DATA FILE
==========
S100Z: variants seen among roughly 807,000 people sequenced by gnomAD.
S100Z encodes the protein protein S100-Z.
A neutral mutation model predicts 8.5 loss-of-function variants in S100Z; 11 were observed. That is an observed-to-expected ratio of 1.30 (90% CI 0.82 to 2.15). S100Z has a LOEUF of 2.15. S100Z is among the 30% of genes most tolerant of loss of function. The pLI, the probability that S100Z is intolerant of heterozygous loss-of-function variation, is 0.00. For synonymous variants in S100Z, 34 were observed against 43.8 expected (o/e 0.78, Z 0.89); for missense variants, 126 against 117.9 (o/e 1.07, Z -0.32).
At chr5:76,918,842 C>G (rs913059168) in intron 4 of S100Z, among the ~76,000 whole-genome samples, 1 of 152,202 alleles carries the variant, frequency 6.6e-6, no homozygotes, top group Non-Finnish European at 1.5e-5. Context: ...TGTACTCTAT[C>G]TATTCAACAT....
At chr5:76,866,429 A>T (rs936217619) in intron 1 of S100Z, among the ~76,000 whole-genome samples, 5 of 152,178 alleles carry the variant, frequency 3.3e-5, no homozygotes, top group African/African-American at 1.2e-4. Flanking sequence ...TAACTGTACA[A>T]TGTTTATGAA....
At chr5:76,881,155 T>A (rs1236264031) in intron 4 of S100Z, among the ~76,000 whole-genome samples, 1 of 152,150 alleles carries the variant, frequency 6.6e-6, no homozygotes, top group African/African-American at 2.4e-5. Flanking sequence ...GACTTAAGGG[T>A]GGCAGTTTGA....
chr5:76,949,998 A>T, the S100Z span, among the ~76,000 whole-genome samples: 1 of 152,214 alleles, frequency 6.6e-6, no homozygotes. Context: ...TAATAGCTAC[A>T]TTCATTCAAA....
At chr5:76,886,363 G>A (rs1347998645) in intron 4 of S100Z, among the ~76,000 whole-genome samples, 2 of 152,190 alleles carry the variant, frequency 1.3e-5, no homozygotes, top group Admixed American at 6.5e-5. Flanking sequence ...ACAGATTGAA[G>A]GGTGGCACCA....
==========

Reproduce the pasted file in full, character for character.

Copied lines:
S100Z: variants seen among roughly 807,000 people sequenced by gnomAD.
S100Z encodes the protein protein S100-Z.
A neutral mutation model predicts 8.5 loss-of-function variants in S100Z; 11 were observed. That is an observed-to-expected ratio of 1.30 (90% CI 0.82 to 2.15). S100Z has a LOEUF of 2.15. S100Z is among the 30% of genes most tolerant of loss of function. The pLI, the probability that S100Z is intolerant of heterozygous loss-of-function variation, is 0.00. For synonymous variants in S100Z, 34 were observed against 43.8 expected (o/e 0.78, Z 0.89); for missense variants, 126 against 117.9 (o/e 1.07, Z -0.32).
At chr5:76,918,842 C>G (rs913059168) in intron 4 of S100Z, among the ~76,000 whole-genome samples, 1 of 152,202 alleles carries the variant, frequency 6.6e-6, no homozygotes, top group Non-Finnish European at 1.5e-5. Context: ...TGTACTCTAT[C>G]TATTCAACAT....
At chr5:76,866,429 A>T (rs936217619) in intron 1 of S100Z, among the ~76,000 whole-genome samples, 5 of 152,178 alleles carry the variant, frequency 3.3e-5, no homozygotes, top group African/African-American at 1.2e-4. Flanking sequence ...TAACTGTACA[A>T]TGTTTATGAA....
At chr5:76,881,155 T>A (rs1236264031) in intron 4 of S100Z, among the ~76,000 whole-genome samples, 1 of 152,150 alleles carries the variant, frequency 6.6e-6, no homozygotes, top group African/African-American at 2.4e-5. Flanking sequence ...GACTTAAGGG[T>A]GGCAGTTTGA....
chr5:76,949,998 A>T, the S100Z span, among the ~76,000 whole-genome samples: 1 of 152,214 alleles, frequency 6.6e-6, no homozygotes. Context: ...TAATAGCTAC[A>T]TTCATTCAAA....
At chr5:76,886,363 G>A (rs1347998645) in intron 4 of S100Z, among the ~76,000 whole-genome samples, 2 of 152,190 alleles carry the variant, frequency 1.3e-5, no homozygotes, top group Admixed American at 6.5e-5. Flanking sequence ...ACAGATTGAA[G>A]GGTGGCACCA....